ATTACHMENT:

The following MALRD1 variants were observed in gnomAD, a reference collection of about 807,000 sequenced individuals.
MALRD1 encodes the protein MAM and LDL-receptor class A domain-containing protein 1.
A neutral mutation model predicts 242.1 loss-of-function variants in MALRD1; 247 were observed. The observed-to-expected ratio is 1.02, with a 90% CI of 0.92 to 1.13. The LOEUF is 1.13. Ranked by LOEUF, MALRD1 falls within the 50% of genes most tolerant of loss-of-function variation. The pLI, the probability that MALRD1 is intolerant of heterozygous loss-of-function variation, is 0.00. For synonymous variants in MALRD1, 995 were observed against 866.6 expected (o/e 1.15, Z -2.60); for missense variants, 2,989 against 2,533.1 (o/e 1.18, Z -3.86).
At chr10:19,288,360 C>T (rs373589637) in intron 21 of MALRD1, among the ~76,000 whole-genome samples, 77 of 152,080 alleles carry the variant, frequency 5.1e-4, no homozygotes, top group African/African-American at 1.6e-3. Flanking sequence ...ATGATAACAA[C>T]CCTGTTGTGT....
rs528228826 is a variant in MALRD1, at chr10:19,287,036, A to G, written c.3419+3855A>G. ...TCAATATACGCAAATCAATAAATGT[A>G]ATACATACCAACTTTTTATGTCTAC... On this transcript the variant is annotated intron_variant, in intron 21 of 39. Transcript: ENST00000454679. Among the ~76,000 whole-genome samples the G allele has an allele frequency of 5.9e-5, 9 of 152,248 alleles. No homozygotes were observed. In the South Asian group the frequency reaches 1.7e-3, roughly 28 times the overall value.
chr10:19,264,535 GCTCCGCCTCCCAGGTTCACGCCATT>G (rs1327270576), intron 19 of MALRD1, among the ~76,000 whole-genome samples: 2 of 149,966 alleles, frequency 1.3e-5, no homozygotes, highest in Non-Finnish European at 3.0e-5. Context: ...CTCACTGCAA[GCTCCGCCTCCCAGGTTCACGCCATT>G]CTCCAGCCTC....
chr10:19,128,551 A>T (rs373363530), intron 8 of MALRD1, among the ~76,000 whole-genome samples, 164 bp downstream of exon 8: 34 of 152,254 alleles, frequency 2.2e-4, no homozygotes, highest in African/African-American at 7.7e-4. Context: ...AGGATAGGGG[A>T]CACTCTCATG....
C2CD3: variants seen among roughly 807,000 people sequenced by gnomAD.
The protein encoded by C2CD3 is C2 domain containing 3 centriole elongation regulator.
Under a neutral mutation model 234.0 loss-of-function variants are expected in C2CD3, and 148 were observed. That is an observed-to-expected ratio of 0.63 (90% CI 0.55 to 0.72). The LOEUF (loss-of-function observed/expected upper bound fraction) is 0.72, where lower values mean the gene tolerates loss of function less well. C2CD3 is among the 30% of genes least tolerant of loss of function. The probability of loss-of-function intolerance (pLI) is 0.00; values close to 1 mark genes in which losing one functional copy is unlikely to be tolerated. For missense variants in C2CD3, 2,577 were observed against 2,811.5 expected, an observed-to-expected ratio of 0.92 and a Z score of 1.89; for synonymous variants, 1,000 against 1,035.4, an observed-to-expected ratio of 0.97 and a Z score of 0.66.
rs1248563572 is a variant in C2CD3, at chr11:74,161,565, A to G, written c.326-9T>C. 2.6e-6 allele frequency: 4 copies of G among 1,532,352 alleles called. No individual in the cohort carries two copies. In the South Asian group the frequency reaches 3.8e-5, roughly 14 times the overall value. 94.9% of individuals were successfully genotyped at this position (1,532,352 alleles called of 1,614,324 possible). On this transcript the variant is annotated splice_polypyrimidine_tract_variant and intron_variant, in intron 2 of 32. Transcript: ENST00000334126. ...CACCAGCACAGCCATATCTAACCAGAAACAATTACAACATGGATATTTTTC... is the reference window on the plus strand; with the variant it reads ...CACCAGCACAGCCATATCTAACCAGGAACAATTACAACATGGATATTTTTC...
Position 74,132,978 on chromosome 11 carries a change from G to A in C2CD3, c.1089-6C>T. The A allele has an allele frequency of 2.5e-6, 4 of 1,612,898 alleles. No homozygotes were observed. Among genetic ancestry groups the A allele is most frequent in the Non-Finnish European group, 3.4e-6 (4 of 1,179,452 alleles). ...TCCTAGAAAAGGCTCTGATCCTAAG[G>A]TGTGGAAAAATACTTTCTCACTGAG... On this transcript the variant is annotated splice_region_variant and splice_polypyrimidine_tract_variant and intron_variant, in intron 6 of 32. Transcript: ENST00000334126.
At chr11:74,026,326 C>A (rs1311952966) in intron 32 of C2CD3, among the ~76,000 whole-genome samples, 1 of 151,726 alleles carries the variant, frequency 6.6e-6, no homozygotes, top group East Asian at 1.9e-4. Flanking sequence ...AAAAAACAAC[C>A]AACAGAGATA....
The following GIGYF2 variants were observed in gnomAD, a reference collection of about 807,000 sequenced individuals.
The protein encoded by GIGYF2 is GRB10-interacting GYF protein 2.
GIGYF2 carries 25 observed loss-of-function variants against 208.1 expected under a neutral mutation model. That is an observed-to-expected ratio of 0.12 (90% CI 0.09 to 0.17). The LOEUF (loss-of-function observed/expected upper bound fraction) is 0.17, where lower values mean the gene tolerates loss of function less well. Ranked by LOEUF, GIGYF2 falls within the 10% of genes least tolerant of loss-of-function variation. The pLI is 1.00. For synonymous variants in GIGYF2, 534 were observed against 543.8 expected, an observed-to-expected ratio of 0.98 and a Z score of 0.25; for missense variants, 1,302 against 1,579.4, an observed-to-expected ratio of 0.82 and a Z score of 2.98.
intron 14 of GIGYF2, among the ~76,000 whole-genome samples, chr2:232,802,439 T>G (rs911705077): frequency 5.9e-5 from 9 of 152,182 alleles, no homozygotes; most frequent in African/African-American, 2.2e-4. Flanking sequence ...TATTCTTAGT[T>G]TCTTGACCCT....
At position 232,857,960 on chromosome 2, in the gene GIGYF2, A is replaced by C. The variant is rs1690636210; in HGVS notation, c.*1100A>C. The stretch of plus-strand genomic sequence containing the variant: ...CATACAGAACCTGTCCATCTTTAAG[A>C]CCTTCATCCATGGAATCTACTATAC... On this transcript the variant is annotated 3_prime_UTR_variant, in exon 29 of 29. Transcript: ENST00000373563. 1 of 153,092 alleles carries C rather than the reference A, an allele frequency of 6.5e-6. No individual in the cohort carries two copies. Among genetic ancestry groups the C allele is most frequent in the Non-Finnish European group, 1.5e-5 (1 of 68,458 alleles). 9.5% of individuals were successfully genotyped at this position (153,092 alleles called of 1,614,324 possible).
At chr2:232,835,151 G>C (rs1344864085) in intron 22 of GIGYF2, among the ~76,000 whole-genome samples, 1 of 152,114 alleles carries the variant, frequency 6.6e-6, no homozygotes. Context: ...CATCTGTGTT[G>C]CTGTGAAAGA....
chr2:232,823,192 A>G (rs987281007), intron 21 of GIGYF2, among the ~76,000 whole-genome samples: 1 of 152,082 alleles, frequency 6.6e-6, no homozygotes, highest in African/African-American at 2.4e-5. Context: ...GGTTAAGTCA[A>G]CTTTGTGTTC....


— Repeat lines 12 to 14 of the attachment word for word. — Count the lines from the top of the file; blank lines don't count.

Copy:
Position 74,132,978 on chromosome 11 carries a change from G to A in C2CD3, c.1089-6C>T. The A allele has an allele frequency of 2.5e-6, 4 of 1,612,898 alleles. No homozygotes were observed. Among genetic ancestry groups the A allele is most frequent in the Non-Finnish European group, 3.4e-6 (4 of 1,179,452 alleles). ...TCCTAGAAAAGGCTCTGATCCTAAG[G>A]TGTGGAAAAATACTTTCTCACTGAG... On this transcript the variant is annotated splice_region_variant and splice_polypyrimidine_tract_variant and intron_variant, in intron 6 of 32. Transcript: ENST00000334126.
At chr11:74,026,326 C>A (rs1311952966) in intron 32 of C2CD3, among the ~76,000 whole-genome samples, 1 of 151,726 alleles carries the variant, frequency 6.6e-6, no homozygotes, top group East Asian at 1.9e-4. Flanking sequence ...AAAAAACAAC[C>A]AACAGAGATA....
The following GIGYF2 variants were observed in gnomAD, a reference collection of about 807,000 sequenced individuals.